Some seniors living in the remote community of Atlin, B.C., about two hours from Whitehorse, have been told their rent will double next year.
"They're not going to be able to afford to live where they're living right now if it's not remedied," said Nita Connolly, a member of the Atlin Supportive Living Society, a group advocating on behalf of the seniors.
"We're in contact with them two or three times per week through different services that we provide and they're stressed," she said.
Three seniors units in Atlin are subsidized and run by the M'aKola Group of Societies — an organization that operates approximately 1600 affordable units in B.C., primarily for Indigenous people.
M'aKola CEO Kevin Albers told CBC the subsidy for the Atlin units comes from Ottawa through a long term program by CMHC. It's an operating agreement that was created decades ago for a set period.
When the agreement expires in November of 2018, rent in the units will go up significantly.
But Albers points out it's not just Atlin residents who will be affected. About 800 M'aKola units across B.C. will be affected by expiring federal operating agreements.
"They all have deadlines, they all have end dates," said Albers.
And the issue goes beyond B.C. Nationally there are upwards of 600,000 units under some kind of federal operating agreement, said Albers.
In terms of the uncertainly in Atlin, Albers says for now, there doesn't appear to be any alternatives.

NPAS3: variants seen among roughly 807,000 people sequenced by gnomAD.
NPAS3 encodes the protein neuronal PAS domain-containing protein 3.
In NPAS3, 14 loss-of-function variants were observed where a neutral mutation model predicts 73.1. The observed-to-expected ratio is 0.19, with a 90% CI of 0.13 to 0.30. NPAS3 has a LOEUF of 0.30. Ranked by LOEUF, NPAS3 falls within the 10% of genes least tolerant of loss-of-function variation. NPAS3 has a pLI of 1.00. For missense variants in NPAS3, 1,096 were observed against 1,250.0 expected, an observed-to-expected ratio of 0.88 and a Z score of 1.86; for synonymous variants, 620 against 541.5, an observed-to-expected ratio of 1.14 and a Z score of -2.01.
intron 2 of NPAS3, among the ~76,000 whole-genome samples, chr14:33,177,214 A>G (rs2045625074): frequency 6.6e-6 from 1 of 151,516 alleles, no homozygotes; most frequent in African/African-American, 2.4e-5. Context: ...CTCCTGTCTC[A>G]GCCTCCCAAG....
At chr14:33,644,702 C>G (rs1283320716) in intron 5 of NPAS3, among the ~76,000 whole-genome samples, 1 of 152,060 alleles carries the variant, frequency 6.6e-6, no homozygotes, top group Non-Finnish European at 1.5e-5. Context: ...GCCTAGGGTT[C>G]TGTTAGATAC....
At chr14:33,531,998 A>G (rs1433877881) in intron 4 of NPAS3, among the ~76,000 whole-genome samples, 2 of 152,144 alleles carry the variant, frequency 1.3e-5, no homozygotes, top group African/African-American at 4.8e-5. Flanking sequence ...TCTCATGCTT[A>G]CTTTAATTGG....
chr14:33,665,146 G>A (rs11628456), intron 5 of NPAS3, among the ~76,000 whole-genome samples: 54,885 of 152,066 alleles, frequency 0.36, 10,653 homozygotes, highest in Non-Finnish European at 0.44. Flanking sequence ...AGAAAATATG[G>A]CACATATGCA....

"We certainly appreciate the difficulty that people are facing because of these agreements expiring," said Albers, adding that M'aKola's goal is not to make a profit, "but we also have to be sustainable in the future so we cannot operate at a loss."
New federal housing money
"We are hearing rumblings through the new national housing strategy that there may be some efforts to extend those agreements but we haven't gotten any certainty around that as of yet," said Albers
NPD MP Nathan Cullen represents Atlin in the ridding of Skeena—Bulkley Valley.
"I'm a mix between angry and confused about this," he said. "This could have some dire consequences for people and with nothing else in place, they're completely left high and dry, I hope that's not the government's intention."
Cullen points out the recent budget speech did address housing needs, but not all details are clear.
- BUDGET 2017 | Greater role for feds in social housing
The 2017 budget indicated funding for a National Housing Fund, including $225 million over 11 years to improve housing conditions for First Nations, Inuit and Metis living in rural or urban areas.
The budget also announced the intention to "preserve the baseline funding related to social housing operating agreements," and that "the use and renewal of the funds will be determined over the next year."